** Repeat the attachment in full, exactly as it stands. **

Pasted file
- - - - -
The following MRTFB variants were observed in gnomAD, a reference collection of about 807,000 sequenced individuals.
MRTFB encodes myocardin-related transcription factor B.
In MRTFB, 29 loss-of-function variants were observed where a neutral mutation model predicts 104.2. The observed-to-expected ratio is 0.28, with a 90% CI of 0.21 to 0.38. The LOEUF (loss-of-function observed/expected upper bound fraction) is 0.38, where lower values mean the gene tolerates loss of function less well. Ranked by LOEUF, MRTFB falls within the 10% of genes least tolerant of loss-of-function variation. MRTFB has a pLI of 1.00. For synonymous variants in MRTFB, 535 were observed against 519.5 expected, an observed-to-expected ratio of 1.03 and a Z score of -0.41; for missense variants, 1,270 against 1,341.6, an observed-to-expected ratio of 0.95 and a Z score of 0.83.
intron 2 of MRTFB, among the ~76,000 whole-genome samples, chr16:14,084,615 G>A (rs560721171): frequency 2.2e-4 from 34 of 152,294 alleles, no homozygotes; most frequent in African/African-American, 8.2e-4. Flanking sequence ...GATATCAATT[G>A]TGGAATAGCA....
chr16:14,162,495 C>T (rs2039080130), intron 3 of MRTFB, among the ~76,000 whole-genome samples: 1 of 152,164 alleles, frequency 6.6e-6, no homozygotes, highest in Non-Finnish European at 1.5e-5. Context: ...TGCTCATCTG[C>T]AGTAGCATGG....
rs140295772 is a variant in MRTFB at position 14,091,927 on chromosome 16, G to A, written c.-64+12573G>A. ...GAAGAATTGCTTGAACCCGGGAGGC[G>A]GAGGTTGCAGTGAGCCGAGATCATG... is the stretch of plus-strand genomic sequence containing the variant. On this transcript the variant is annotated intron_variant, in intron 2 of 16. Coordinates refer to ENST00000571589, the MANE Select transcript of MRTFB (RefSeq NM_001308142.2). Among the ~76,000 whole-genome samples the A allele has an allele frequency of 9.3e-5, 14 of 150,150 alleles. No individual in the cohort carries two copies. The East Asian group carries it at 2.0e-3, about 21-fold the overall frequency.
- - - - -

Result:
The following MRTFB variants were observed in gnomAD, a reference collection of about 807,000 sequenced individuals.
MRTFB encodes myocardin-related transcription factor B.
In MRTFB, 29 loss-of-function variants were observed where a neutral mutation model predicts 104.2. The observed-to-expected ratio is 0.28, with a 90% CI of 0.21 to 0.38. The LOEUF (loss-of-function observed/expected upper bound fraction) is 0.38, where lower values mean the gene tolerates loss of function less well. Ranked by LOEUF, MRTFB falls within the 10% of genes least tolerant of loss-of-function variation. MRTFB has a pLI of 1.00. For synonymous variants in MRTFB, 535 were observed against 519.5 expected, an observed-to-expected ratio of 1.03 and a Z score of -0.41; for missense variants, 1,270 against 1,341.6, an observed-to-expected ratio of 0.95 and a Z score of 0.83.
intron 2 of MRTFB, among the ~76,000 whole-genome samples, chr16:14,084,615 G>A (rs560721171): frequency 2.2e-4 from 34 of 152,294 alleles, no homozygotes; most frequent in African/African-American, 8.2e-4. Flanking sequence ...GATATCAATT[G>A]TGGAATAGCA....
chr16:14,162,495 C>T (rs2039080130), intron 3 of MRTFB, among the ~76,000 whole-genome samples: 1 of 152,164 alleles, frequency 6.6e-6, no homozygotes, highest in Non-Finnish European at 1.5e-5. Context: ...TGCTCATCTG[C>T]AGTAGCATGG....
rs140295772 is a variant in MRTFB at position 14,091,927 on chromosome 16, G to A, written c.-64+12573G>A. ...GAAGAATTGCTTGAACCCGGGAGGC[G>A]GAGGTTGCAGTGAGCCGAGATCATG... is the stretch of plus-strand genomic sequence containing the variant. On this transcript the variant is annotated intron_variant, in intron 2 of 16. Coordinates refer to ENST00000571589, the MANE Select transcript of MRTFB (RefSeq NM_001308142.2). Among the ~76,000 whole-genome samples the A allele has an allele frequency of 9.3e-5, 14 of 150,150 alleles. No individual in the cohort carries two copies. The East Asian group carries it at 2.0e-3, about 21-fold the overall frequency.